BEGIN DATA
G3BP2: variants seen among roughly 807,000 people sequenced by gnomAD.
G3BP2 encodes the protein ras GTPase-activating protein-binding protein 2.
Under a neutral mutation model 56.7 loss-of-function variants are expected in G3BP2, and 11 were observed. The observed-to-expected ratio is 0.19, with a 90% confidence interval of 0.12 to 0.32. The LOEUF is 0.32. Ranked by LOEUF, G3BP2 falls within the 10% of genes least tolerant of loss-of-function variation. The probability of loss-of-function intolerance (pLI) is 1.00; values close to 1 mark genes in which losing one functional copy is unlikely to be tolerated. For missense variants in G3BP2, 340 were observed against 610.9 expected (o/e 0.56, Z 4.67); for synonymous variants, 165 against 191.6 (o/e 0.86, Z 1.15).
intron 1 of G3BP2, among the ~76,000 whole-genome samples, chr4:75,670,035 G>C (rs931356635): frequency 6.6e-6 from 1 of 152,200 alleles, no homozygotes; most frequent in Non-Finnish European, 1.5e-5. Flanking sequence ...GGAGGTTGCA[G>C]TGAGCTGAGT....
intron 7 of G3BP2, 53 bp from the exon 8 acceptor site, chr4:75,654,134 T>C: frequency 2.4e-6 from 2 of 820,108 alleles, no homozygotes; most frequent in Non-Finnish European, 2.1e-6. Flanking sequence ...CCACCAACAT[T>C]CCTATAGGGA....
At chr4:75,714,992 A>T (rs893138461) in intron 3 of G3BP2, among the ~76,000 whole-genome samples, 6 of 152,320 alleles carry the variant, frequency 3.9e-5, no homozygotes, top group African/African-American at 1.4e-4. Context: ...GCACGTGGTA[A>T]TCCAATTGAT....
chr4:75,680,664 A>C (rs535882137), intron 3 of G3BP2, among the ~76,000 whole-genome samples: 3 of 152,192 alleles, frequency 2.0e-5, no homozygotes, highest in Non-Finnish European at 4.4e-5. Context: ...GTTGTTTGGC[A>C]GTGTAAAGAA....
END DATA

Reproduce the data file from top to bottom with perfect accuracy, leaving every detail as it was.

G3BP2: variants seen among roughly 807,000 people sequenced by gnomAD.
G3BP2 encodes the protein ras GTPase-activating protein-binding protein 2.
Under a neutral mutation model 56.7 loss-of-function variants are expected in G3BP2, and 11 were observed. The observed-to-expected ratio is 0.19, with a 90% confidence interval of 0.12 to 0.32. The LOEUF is 0.32. Ranked by LOEUF, G3BP2 falls within the 10% of genes least tolerant of loss-of-function variation. The probability of loss-of-function intolerance (pLI) is 1.00; values close to 1 mark genes in which losing one functional copy is unlikely to be tolerated. For missense variants in G3BP2, 340 were observed against 610.9 expected (o/e 0.56, Z 4.67); for synonymous variants, 165 against 191.6 (o/e 0.86, Z 1.15).
intron 1 of G3BP2, among the ~76,000 whole-genome samples, chr4:75,670,035 G>C (rs931356635): frequency 6.6e-6 from 1 of 152,200 alleles, no homozygotes; most frequent in Non-Finnish European, 1.5e-5. Flanking sequence ...GGAGGTTGCA[G>C]TGAGCTGAGT....
intron 7 of G3BP2, 53 bp from the exon 8 acceptor site, chr4:75,654,134 T>C: frequency 2.4e-6 from 2 of 820,108 alleles, no homozygotes; most frequent in Non-Finnish European, 2.1e-6. Flanking sequence ...CCACCAACAT[T>C]CCTATAGGGA....
At chr4:75,714,992 A>T (rs893138461) in intron 3 of G3BP2, among the ~76,000 whole-genome samples, 6 of 152,320 alleles carry the variant, frequency 3.9e-5, no homozygotes, top group African/African-American at 1.4e-4. Context: ...GCACGTGGTA[A>T]TCCAATTGAT....
chr4:75,680,664 A>C (rs535882137), intron 3 of G3BP2, among the ~76,000 whole-genome samples: 3 of 152,192 alleles, frequency 2.0e-5, no homozygotes, highest in Non-Finnish European at 4.4e-5. Context: ...GTTGTTTGGC[A>C]GTGTAAAGAA....